Jung’s method revolved around his discovery of medieval alchemy as a metaphor for psychological process, the “opus” of turning lead into gold, which is the work of a lifetime—turning the raw material of unconscious dimensions of character into a wider locus of the self, not entirely controlled by the conscious ego, but consciously engaged in an on-going process.
Another ancient tradition which was foundational to Jung’s formative thinking, though hovered in the background of his theory, is astrology. While Jung often used astrology in working with his patients, and was a key forerunner of 'psychological astrology' within the astrological world, he was intent on the project of creating his language of analytical psychology, which would not be inimical to the scientific milieu. Because alchemy was not a living cultural practice, it could be used purely as metaphor. In contrast, astrology was alive and well, and subject to the prejudices of the dominant cultural values. While his references to astrology as a symbolic tradition throughout his work are numerous, he avoided directly utilizing the language of astrology in his psychological formulations.
Astrologers instead took up the incorporation of Jung’s psychology. His contemporary, Dane Rudhyar, applied Jung's method of translating archetypal systems and symbolic images into the language of psychological process to traditional astrology, which influenced a line of Jungian analysts, astrologers, and archetypal philosophers. Among many besides Rudhyar who have influenced my work are Liz Greene, Karen Hamaker-Zondag, Alice O’Howell, Charles Poncé, Darby Costello, Stephen Arroyo, Robert Hand, Erin Sullivan, Clare Martin, Richard Tarnas, and Nicholas Campion. Though many Jungian psychoanalysts are familiar with astrology and use it in their work, its language continues to function within its own rich domain, and has never separated from its ancient roots wherein matter and mind share a continuous field of energy. This is its value—in symbolically diagraming universal qualities of energy, or archetypes, which activate our individual consciousness. The complex nature of astrology’s function in our current psyche and culture—its regressive pull towards magical determinism as well as its progressive challenge to be in a more conscious partnership with the life forces operating within us as well as around us—is the subject of my ongoing interest and research.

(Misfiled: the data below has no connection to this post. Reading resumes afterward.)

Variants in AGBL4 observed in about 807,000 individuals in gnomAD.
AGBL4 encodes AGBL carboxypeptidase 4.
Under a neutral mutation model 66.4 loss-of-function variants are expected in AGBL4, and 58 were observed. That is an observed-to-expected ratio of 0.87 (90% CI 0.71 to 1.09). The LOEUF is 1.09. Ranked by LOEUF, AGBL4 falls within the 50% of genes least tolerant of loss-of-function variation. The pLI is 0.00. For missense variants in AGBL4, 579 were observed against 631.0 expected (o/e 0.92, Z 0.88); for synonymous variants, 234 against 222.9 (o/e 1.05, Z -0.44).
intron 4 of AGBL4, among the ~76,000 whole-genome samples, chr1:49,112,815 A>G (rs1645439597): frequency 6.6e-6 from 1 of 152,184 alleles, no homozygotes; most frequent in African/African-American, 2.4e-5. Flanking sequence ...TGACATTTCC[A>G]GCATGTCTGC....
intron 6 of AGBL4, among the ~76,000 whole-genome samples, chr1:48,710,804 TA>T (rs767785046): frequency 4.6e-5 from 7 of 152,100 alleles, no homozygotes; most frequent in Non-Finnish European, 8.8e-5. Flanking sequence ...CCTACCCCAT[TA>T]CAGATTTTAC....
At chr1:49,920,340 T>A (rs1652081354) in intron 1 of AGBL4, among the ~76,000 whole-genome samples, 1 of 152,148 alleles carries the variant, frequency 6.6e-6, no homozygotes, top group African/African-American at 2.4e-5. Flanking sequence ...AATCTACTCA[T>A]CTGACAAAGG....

My method of using astrology within my analytic practice follows these formats: If an analytic client is knowledgeable about astrology, I can work with them psychoanalytically using their chart to the degree they find useful. If an analytic client is new to astrology, but interested in working with it, I will first refer them to a professional astrologer for a general consultation, and we can then use it according to their level of knowledge. With an existing client, I avoid shifting out of our therapeutic relationship to give astrological readings in the traditional sense, though if they want to use their chart to gain insight into a particular problem, I can look at a particular aspect of their chart—a natal configuration, or a current transit—and incorporate these insights into our ongoing work. Outside my psychoanalytic practice, I will do chart consultations from an analytic perspective, focussing on a psychological issue a client wants to address; follow-up sessions are available.
The Archive for Research in Archetypal Symbolism 15C